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December 6, 2021 December 6, 2021

It was a year like no other in Prairie Rose School Division

Posted on January 5, 2021 by 40 Mile Commentator
Commentator Courier File Photo Roger Clarke, PRSD superintendent,

By Justin Seward
Commentator/Courier

Prairie Rose School Division experienced a year like no other in 2020 after having to go through two separate province-wide school shutdowns amid the COVID-19 pandemic.
Schools were shut down in mid-March as the pandemic hit the province and students learned at home right until June.
“It certainly has been disruptive,” said Roger Clarke, PRSD’s superintendent.
“I think we’ve cared for kids the best we can- where we’ve had major timelines- where students have been learning from home. The April, May and June (were) particularly hard for people, I think. I mean one fortunate thing about that was (going) into summer, nicer weather, coming into those sorts of things where people- they feel like they’re not necessarily as isolated as they might feel right now in the middle of winter.”
Clarke felt the school division reacted quickly in the transition from the classroom to at-home learning.
“We had the announcement I think on a Sunday and I believe by Wednesday everybody was learning at home,” he said.
“In other words, we weren’t two or three weeks of getting kids set up and going-that part was good. It was dramatic and we didn’t know how long it was going to be and it carried on. And looking back now, the challenge in that timeline was the expectations of learning at home. They weren’t as strong as they could have been in terms of what could be expected from students when they’re learning at home.”
Students were back in classes at the beginning of September and went until Nov. 30-before the province announced on Nov. 24- students in Grades’ 7 to 12 would be working from home and Kindergarten to Grade 6 would remain in school until the winter break that started on Dec. 18, 2020 due the uptick in COVID-19 cases.
All students would work from home from Jan. 4-8 before before returning to classes on Jan. 11.
The students were more prepared for the second shutdown.
“We were much more prepared,” he said.
“We had more time to get to it as well when the government made the announcement. We had some time to react and said we had a number of days before this happens-so let’s get ourselves even more prepared. From a Prairie Rose perspective, we made some decisions to prepare not only our staff but our students.”
Chromebooks were purchased for Grades 4 to 12 students and as result those kids had technology at their disposal.
Despite the lingering pandemic, the school division has done well.
“It’s been a long haul from a COVID perspective,” said Clarke.
“I think the staff have been incredible for Prairie Rose. The staff have done an amazing job with respect to shifting gears and educating kids at home -where students who had to be home for a couple of weeks because they have been close contacts and shifting when the schools have been affected by COVID cases as well.”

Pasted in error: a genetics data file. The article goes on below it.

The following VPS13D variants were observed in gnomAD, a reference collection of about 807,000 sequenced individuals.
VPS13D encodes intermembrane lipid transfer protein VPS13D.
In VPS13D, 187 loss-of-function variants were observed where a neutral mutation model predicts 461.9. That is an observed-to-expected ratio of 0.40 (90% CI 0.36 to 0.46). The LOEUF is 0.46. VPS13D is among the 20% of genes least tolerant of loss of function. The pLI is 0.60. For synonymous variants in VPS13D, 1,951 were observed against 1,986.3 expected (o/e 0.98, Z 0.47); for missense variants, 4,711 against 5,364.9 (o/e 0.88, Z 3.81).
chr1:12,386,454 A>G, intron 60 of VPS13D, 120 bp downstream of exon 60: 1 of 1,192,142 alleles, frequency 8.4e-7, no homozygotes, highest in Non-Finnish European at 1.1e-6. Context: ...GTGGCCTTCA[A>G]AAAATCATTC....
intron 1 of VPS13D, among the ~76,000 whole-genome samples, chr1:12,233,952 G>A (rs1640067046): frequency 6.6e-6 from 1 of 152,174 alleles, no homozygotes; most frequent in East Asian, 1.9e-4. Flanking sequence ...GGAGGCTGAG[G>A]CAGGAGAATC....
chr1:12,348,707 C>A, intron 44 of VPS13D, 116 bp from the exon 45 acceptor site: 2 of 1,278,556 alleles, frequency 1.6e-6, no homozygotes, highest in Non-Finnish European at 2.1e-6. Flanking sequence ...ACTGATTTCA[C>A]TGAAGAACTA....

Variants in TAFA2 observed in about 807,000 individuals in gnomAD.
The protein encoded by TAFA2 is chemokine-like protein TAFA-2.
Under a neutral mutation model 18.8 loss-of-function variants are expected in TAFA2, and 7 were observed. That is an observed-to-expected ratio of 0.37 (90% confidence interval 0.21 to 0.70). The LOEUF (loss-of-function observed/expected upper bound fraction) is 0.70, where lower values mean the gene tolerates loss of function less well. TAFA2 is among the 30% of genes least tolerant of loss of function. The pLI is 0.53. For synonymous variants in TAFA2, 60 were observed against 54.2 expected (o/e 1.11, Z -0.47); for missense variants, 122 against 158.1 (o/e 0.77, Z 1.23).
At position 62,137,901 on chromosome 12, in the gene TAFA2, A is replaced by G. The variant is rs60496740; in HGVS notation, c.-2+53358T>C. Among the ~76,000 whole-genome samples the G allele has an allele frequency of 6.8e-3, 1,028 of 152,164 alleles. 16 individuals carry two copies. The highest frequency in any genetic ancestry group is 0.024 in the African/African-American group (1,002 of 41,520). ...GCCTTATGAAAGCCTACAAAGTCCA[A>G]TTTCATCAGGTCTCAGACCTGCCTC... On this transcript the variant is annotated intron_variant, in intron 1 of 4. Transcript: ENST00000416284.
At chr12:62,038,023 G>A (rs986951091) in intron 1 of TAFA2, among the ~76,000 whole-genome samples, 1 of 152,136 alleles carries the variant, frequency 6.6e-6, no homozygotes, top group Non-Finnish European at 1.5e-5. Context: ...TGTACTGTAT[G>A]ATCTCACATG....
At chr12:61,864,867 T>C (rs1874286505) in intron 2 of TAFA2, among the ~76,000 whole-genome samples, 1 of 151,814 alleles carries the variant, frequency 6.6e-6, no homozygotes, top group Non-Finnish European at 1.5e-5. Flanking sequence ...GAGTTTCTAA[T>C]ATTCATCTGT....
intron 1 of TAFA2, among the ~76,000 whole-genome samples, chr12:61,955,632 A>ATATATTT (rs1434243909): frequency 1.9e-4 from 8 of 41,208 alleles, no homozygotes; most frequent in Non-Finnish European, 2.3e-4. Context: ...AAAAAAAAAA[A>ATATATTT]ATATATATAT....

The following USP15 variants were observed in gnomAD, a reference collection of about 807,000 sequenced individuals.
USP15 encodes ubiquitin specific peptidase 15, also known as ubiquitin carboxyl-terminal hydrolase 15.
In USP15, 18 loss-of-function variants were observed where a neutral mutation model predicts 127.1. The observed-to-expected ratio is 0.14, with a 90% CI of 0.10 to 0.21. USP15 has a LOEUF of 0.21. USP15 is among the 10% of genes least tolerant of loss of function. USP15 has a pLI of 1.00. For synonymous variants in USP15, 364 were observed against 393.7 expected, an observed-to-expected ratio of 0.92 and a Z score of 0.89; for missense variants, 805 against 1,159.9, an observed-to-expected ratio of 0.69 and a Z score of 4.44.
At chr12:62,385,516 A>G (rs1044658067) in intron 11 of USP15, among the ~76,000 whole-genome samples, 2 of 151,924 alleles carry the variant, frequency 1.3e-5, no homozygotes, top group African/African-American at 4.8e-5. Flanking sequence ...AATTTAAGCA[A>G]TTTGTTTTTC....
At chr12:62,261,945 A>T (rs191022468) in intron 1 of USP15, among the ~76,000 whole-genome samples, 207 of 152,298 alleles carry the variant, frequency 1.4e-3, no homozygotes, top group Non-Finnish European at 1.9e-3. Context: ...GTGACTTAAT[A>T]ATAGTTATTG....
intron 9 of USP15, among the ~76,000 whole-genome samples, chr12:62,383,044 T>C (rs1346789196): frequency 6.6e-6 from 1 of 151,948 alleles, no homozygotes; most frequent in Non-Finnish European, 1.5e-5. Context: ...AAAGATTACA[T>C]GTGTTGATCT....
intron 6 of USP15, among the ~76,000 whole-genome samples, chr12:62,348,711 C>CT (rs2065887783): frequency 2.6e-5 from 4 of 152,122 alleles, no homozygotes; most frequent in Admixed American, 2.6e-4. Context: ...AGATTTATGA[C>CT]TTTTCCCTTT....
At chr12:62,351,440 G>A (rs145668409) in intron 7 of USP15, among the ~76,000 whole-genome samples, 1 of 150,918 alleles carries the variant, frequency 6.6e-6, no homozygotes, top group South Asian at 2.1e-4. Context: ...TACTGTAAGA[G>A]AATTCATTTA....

Clarke says that the schools reacted really well and put the safety parameters in place that they needed to.
“I think because of the hard work of our staff and the leadership in our schools, we had lesser COVID-19 cases than we might not otherwise had,” said Clarke.
“We’re quite proud of the fact we were one of the very few school divisions in Alberta that continued our sports program in the fall. We basically did a risk assessment and said you know we don’t have many COVID-19 cases right now and if we do the right things and react appropriately-if and when we do- then we should be able to get(the) first season and we did.”
Parents were very receptive to whatever was necessary to make sure schools stayed open, added Clarke.
“It wasn’t always convenient for a lot of our parents when their kids had (to) stay home,” he said.
“On the early part of the core symptoms, before we got clarity on that, any kind of illness would send kids home for an extended period of time. Prairie Rose was able to work with Alberta Health Services (AHS) to get that clarified.”
PRSD had some learning experiences along the way.
“Some of our principals are learning about the operations of their schools and it’s OK to learn- we always learn,” he said.
Clarke emphasized students and staff needed to be cared about more and not to overburden one another to keep the motivation going through the pandemic.
“If there (are) any little items that you need to identify and say ‘Look, they don’t need to do that right now- they’ve got their hands full,’” said Clarke.
Clarke is looking forward to the COVID-19 vaccines to roll out, people having more mobility, less concern around personal safety and getting back to more of a focus on students in 2021.
Additionally, PRSD is eager to see how some of the new programs play out including the two U-18 Prep hockey teams that are based out of Eagle Butte High School, the partnership with Medicine Hat College and Medicine Hat Public School Division on the relocation of the outreach school to the college as Coulee Collegiate and the adult upgrading program.

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